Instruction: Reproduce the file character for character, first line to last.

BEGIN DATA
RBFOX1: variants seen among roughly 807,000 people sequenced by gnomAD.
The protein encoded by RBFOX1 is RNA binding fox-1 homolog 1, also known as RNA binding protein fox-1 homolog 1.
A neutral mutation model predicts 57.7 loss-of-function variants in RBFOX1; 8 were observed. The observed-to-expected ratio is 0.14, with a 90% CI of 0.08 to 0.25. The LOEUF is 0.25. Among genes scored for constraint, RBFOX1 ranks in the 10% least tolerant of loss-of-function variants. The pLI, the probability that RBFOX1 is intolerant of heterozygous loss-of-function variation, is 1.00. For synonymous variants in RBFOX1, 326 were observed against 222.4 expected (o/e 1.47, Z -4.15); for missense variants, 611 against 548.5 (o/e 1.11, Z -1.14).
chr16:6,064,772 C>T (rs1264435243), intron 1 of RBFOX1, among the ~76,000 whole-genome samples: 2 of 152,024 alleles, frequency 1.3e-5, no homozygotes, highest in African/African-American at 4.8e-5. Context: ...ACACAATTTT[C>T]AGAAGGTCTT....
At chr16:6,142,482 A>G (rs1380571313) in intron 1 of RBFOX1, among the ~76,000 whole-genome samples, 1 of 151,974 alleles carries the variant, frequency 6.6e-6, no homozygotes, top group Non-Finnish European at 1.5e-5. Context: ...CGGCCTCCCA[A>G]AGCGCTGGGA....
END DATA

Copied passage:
RBFOX1: variants seen among roughly 807,000 people sequenced by gnomAD.
The protein encoded by RBFOX1 is RNA binding fox-1 homolog 1, also known as RNA binding protein fox-1 homolog 1.
A neutral mutation model predicts 57.7 loss-of-function variants in RBFOX1; 8 were observed. The observed-to-expected ratio is 0.14, with a 90% CI of 0.08 to 0.25. The LOEUF is 0.25. Among genes scored for constraint, RBFOX1 ranks in the 10% least tolerant of loss-of-function variants. The pLI, the probability that RBFOX1 is intolerant of heterozygous loss-of-function variation, is 1.00. For synonymous variants in RBFOX1, 326 were observed against 222.4 expected (o/e 1.47, Z -4.15); for missense variants, 611 against 548.5 (o/e 1.11, Z -1.14).
chr16:6,064,772 C>T (rs1264435243), intron 1 of RBFOX1, among the ~76,000 whole-genome samples: 2 of 152,024 alleles, frequency 1.3e-5, no homozygotes, highest in African/African-American at 4.8e-5. Context: ...ACACAATTTT[C>T]AGAAGGTCTT....
At chr16:6,142,482 A>G (rs1380571313) in intron 1 of RBFOX1, among the ~76,000 whole-genome samples, 1 of 151,974 alleles carries the variant, frequency 6.6e-6, no homozygotes, top group Non-Finnish European at 1.5e-5. Context: ...CGGCCTCCCA[A>G]AGCGCTGGGA....